Matt started with the point that tech comm is more than tech writing now, so what do we need to improve short-term and long-term? Kevin responded first, saying that we need to do more with less on smaller displays and adapting the content appropriately for mobile. Marcia added to that, saying that using less can mean writing tighter as well. (She has a technique she taught during the STC Summit, in fact!) Joe agreed with Marcia, adding that technical communicators need to put in the time to make concise content meaningful, and to look at simplified English as part of that objective. Bernard felt that attending workshops and demonstrations were important, because technical communicators need to continually learn and adapt in this industry! He added that SMEs (Subject Matter Experts) should contribute to content, but technical communicators should control it. Kevin also agreed with Bernard, saying that SMEs are writing content more often now, so teaching them to write tighter will help. Marcia chimed in that many people are now being required to write, but don’t have the skills. We need to help with that.
Moving onto topics about how technology affects technical communication, Kevin said that new technology, like Google Glass and other wearables, is emerging, and we need to understand how these work. Joe pointed out that the Pebble watch now is starting to have user docs now, and more will be emerging. Bernard added that gesture based technology similar to the Xbox Kinect will need documentation.
Matt then asked, “What should we look forward to in the next five years?” Bernard felt that less specialization will be needed so that the right people write the right content, such as an engineer who can write. Specialized writing will be very important. Joe added that we need to agree on taxonomy and terminology, and use style sheets more often for consistency. Marcia believed that topic-based writing will be emerging more as a growth area. Kevin explained that in e-learning, there is a need to develop learning for new devices that responds to user displays, thus accomodating multiple screens.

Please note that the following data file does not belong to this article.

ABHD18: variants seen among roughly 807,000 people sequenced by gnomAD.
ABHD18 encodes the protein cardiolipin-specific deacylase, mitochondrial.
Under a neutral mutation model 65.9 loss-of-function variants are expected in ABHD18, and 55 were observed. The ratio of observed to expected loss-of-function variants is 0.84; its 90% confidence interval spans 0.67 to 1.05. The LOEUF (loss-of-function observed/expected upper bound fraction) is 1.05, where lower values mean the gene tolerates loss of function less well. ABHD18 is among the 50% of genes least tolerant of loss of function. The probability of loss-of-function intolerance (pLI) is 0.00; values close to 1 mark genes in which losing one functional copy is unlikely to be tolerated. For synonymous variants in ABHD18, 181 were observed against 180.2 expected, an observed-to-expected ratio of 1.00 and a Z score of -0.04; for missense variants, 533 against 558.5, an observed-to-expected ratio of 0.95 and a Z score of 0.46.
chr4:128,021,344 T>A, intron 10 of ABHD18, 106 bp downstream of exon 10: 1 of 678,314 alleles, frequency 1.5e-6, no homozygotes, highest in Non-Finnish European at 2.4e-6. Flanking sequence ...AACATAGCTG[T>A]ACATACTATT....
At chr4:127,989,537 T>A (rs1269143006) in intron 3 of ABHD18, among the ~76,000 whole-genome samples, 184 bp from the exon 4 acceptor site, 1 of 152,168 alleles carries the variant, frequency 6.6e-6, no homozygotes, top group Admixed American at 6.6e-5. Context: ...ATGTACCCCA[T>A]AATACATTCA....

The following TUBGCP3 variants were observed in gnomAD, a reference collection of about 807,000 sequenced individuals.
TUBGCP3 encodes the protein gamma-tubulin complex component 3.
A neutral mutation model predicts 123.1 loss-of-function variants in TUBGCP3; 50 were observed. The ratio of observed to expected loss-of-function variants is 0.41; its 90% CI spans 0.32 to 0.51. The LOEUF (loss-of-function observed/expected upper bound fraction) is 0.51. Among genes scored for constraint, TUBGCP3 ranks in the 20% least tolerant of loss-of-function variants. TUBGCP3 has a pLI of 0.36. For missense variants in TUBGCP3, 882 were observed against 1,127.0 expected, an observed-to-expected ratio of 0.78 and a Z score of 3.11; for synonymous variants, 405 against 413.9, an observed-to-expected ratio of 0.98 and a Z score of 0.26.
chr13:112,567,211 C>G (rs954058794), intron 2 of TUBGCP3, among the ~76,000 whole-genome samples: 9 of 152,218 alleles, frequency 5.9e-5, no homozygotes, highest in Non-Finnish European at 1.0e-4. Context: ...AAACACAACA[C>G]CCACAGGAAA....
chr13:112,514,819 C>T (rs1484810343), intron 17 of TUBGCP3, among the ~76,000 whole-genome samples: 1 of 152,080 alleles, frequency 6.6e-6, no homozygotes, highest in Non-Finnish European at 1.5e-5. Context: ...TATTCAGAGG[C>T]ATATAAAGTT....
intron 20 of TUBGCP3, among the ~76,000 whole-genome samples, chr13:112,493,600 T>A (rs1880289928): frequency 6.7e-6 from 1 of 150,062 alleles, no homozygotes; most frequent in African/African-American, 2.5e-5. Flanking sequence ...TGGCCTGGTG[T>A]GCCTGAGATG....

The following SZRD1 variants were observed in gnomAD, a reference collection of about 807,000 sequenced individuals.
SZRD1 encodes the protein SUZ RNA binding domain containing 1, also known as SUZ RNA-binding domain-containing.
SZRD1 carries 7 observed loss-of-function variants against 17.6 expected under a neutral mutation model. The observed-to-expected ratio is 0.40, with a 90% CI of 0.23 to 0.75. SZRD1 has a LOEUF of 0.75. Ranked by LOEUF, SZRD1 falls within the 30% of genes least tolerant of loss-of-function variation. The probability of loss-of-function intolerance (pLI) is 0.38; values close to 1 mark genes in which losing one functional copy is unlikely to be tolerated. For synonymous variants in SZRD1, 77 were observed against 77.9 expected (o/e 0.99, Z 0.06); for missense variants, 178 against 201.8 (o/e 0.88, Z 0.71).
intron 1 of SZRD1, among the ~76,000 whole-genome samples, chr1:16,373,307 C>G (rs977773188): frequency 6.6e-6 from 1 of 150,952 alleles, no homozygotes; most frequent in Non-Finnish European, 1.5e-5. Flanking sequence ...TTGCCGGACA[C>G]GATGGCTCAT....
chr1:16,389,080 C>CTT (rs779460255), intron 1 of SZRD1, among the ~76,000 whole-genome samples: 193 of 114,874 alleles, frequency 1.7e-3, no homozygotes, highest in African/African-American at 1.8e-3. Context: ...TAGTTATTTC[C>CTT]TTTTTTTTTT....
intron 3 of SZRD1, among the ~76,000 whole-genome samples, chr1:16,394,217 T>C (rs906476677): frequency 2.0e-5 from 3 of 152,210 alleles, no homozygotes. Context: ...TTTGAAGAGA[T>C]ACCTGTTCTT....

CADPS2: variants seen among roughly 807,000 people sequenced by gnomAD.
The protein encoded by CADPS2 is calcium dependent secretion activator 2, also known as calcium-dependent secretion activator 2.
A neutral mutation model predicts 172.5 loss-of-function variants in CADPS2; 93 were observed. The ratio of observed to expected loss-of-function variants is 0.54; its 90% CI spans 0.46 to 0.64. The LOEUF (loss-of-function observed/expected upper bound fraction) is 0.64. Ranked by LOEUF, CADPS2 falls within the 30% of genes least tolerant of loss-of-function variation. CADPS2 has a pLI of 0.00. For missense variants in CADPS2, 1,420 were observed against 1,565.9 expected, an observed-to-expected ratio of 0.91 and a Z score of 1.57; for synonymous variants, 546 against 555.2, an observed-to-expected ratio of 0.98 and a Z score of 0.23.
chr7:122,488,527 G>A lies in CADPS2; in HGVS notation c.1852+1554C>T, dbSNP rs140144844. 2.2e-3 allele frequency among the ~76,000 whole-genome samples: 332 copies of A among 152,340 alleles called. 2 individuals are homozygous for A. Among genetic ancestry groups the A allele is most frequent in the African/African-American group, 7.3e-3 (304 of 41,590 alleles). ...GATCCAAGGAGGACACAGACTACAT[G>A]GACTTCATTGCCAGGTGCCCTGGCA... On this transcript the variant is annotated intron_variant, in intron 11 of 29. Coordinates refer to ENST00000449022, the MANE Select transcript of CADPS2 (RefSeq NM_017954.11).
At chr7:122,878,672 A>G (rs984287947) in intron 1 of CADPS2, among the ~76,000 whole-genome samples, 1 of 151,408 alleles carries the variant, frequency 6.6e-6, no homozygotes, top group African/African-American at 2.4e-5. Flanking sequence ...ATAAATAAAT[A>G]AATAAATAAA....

The next question asked about how to help educate and help with adapting certain generations adjust between print and digital writing/designing. The consenus was that we just need to adapt. The panel encouraged the audience to get to know your UX/UI people, as they will help you learn to adapt, especially if you aren’t as tech-adaptive.
The last question centered on customers customizing their content–is this a trend? Bernard leapt into a response with, “GOOD! DO IT!” He encouraged us to help customers to start doing personalized help, or personalizing any information, for that matter! Moderator Matt closed by saying that rich media that engages users is going to be about content strategy, but it will also be about content marketing. The group agreed that personalized, concise information going forward will be best!
And that was it! The session went by quickly, but as you can see, there was a lot of great information that many technical communicators can take and use going forward in their own work. While it might take some time to adapt, sure enough, it will bring the field forward as technology and the way we access it moves ahead.
Coming soon: The individual presentations at Adobe Day #STC14 Edition!
With each big conference that I attend, I always look forward to Adobe Day, and Adobe Day at the 2014 STC Summit is no exception. You’ve probably read my past posts about Adobe Day from other conferences, so you know how rich in information they are. I’ve learned an enormous amount of information FOR FREE that would otherwise cost thousands of dollars from the leading experts in the field. It’s hard to find that anywhere else.